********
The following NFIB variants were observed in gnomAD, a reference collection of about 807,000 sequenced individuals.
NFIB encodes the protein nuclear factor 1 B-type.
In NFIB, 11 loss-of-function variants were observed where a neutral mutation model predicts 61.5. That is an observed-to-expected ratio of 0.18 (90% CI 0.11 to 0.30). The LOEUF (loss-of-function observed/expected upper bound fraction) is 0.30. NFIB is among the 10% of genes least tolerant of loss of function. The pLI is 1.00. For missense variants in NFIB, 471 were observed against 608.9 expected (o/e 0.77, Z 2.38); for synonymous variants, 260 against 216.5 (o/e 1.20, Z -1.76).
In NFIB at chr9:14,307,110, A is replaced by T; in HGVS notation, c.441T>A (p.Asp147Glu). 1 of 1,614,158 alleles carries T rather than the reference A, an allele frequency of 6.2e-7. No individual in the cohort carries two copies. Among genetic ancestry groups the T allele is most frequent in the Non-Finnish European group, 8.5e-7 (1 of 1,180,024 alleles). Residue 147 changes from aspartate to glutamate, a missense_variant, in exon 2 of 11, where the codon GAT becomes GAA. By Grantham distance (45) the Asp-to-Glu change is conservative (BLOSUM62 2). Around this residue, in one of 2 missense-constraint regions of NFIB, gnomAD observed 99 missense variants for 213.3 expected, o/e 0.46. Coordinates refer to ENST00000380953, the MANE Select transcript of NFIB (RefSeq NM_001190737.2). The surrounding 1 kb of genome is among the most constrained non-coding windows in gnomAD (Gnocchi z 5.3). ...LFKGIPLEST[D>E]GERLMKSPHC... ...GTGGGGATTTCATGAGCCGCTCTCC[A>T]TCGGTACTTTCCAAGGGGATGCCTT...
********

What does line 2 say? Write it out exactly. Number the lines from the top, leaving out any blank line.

NFIB encodes the protein nuclear factor 1 B-type.